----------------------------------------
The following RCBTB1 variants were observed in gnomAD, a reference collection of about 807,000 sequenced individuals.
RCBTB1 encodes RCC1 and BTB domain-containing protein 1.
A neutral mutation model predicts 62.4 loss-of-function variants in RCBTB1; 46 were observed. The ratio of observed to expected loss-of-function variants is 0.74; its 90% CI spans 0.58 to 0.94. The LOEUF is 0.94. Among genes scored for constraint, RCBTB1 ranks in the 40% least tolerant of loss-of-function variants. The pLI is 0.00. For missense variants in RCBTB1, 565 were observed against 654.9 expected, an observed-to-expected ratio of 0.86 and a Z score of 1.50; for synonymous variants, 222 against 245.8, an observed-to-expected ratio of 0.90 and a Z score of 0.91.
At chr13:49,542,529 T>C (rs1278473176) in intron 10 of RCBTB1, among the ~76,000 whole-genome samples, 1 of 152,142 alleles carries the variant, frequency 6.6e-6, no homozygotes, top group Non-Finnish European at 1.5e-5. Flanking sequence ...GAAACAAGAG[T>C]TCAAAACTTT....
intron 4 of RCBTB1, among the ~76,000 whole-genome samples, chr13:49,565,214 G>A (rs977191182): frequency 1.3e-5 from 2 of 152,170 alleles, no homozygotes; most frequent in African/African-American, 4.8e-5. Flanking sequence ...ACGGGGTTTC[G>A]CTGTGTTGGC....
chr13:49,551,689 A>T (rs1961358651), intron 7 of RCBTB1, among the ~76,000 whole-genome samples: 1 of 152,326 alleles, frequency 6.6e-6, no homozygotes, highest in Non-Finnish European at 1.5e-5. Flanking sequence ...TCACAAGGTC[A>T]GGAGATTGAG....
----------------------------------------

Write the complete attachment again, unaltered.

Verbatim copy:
The following RCBTB1 variants were observed in gnomAD, a reference collection of about 807,000 sequenced individuals.
RCBTB1 encodes RCC1 and BTB domain-containing protein 1.
A neutral mutation model predicts 62.4 loss-of-function variants in RCBTB1; 46 were observed. The ratio of observed to expected loss-of-function variants is 0.74; its 90% CI spans 0.58 to 0.94. The LOEUF is 0.94. Among genes scored for constraint, RCBTB1 ranks in the 40% least tolerant of loss-of-function variants. The pLI is 0.00. For missense variants in RCBTB1, 565 were observed against 654.9 expected, an observed-to-expected ratio of 0.86 and a Z score of 1.50; for synonymous variants, 222 against 245.8, an observed-to-expected ratio of 0.90 and a Z score of 0.91.
At chr13:49,542,529 T>C (rs1278473176) in intron 10 of RCBTB1, among the ~76,000 whole-genome samples, 1 of 152,142 alleles carries the variant, frequency 6.6e-6, no homozygotes, top group Non-Finnish European at 1.5e-5. Flanking sequence ...GAAACAAGAG[T>C]TCAAAACTTT....
intron 4 of RCBTB1, among the ~76,000 whole-genome samples, chr13:49,565,214 G>A (rs977191182): frequency 1.3e-5 from 2 of 152,170 alleles, no homozygotes; most frequent in African/African-American, 4.8e-5. Flanking sequence ...ACGGGGTTTC[G>A]CTGTGTTGGC....
chr13:49,551,689 A>T (rs1961358651), intron 7 of RCBTB1, among the ~76,000 whole-genome samples: 1 of 152,326 alleles, frequency 6.6e-6, no homozygotes, highest in Non-Finnish European at 1.5e-5. Flanking sequence ...TCACAAGGTC[A>T]GGAGATTGAG....